Install a custom ROM on your smartphone
However, there are still some important issues to take into account before you dive in. For a start, installing a new operating system on any sort of device always involves a small element of risk.
So long as you follow the installation instructions carefully, you shouldn’t have a problem – after all, millions of people have successfully tried out CyanogenMod before you.
CyanogenMod runs almost identically on every device, but the installation procedure can vary significantly. That’s because different manufacturers apply different security measures to prevent unauthorised meddling – and the various tools that hackers have come up with to circumvent these measures tend to work in different ways.
The CyanogenMod wiki gives step-by-step guidance for a wide range of hardware. Click here for our guide to the process of installing the firmware on the popular Samsung Galaxy S II smartphone.
But if you do get something wrong, it’s eminently possible to leave your phone in a non-bootable state.
Recovering from a botched installation such as this can be a daunting and stressful process, and you can’t assume that your mobile operator will be able or willing to help you.
Even once CyanogenMod is installed and up and running, your chief source of help is likely to be web forums, not the friendly call centre you may be used to.
You’ll probably be outside of the terms of your warranty, too: if your phone develops a physical fault, you might want to reinstall the stock operating system, if possible, before sending it back.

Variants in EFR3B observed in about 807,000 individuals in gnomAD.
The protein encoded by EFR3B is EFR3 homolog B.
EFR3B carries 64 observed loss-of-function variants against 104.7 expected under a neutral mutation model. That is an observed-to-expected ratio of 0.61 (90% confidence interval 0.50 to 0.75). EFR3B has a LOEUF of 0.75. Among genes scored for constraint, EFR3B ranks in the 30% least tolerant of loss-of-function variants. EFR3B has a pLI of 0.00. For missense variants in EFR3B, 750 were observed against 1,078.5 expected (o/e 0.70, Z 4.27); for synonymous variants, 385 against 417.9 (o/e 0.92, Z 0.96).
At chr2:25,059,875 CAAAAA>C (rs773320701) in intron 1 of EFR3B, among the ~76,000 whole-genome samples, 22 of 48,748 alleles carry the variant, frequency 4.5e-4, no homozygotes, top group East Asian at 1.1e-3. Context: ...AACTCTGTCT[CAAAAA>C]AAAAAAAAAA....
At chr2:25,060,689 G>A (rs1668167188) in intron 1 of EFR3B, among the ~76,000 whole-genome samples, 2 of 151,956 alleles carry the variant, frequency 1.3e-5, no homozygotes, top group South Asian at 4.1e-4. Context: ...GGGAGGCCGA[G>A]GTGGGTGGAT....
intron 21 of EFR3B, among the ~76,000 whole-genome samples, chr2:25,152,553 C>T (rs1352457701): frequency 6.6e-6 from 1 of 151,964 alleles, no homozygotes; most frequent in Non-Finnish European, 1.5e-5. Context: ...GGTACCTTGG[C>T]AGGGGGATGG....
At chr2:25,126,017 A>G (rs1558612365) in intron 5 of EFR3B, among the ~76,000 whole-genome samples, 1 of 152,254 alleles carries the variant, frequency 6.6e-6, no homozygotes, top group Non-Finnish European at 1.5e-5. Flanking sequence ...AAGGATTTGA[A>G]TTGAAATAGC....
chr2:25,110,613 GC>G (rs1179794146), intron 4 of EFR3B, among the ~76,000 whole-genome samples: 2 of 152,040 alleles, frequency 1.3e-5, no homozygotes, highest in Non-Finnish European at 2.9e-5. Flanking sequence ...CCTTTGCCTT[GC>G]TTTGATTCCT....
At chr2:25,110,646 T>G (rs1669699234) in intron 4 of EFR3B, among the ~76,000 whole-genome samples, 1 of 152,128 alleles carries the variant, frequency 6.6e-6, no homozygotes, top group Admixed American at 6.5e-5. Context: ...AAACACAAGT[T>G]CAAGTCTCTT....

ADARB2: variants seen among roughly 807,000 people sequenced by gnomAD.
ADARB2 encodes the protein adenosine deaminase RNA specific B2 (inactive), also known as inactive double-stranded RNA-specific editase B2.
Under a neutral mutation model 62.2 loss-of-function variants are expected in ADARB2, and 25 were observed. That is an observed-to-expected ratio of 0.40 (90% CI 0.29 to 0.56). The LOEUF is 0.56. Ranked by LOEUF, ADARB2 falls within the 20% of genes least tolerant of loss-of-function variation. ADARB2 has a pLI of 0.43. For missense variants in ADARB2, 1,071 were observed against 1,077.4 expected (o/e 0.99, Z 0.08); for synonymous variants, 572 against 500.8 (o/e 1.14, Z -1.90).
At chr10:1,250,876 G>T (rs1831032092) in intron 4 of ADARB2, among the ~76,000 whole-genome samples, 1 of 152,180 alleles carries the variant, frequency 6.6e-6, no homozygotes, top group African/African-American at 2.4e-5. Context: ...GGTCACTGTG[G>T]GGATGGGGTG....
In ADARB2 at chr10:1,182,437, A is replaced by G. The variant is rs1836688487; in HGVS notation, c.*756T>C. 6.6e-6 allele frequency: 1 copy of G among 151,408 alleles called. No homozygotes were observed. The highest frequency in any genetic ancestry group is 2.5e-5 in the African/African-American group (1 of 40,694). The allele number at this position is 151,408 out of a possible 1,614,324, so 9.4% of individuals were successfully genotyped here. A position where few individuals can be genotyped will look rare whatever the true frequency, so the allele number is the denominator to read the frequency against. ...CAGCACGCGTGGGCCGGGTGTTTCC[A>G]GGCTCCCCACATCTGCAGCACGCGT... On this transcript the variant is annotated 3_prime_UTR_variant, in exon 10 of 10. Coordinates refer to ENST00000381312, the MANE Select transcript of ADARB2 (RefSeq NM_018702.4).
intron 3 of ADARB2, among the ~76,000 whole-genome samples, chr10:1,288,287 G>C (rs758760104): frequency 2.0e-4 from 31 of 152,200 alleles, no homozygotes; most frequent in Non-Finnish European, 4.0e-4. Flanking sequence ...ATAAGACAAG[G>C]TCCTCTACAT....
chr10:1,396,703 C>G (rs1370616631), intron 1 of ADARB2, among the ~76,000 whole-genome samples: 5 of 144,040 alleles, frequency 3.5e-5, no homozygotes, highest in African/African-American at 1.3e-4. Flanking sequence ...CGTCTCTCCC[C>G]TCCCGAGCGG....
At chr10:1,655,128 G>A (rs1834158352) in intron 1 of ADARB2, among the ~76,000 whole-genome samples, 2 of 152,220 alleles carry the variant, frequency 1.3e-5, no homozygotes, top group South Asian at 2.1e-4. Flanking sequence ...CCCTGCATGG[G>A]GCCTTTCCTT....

Before taking the plunge you should also be aware that – as with most operating systems – it’s safest to install CyanogenMod as a clean installation. There’s no need to format the device completely: personal data files such as music and videos won’t do any harm.
But it’s a good idea to wipe all previously installed applications before upgrading, and reinstall them afterwards.
If you’re using Google backup, your phone numbers and various settings will be automatically restored; but you’re likely to lose app-specific data such as saved game positions.
If you don’t like the sound of that, check online to see whether these files can be backed up and restored at a later date.
Finally, it’s important to understand that the CyanogenMod installation process entails “rooting” your phone – that is, breaking some of the security protocols that limit what software can do. This has implications for security.
What hardware can run it?
The first version of CyanogenMod ran on the HTC Dream, but the current stable edition – CyanogenMod version 7.1 – supports more than 60 devices, with unofficial forks and experimental releases available for many more.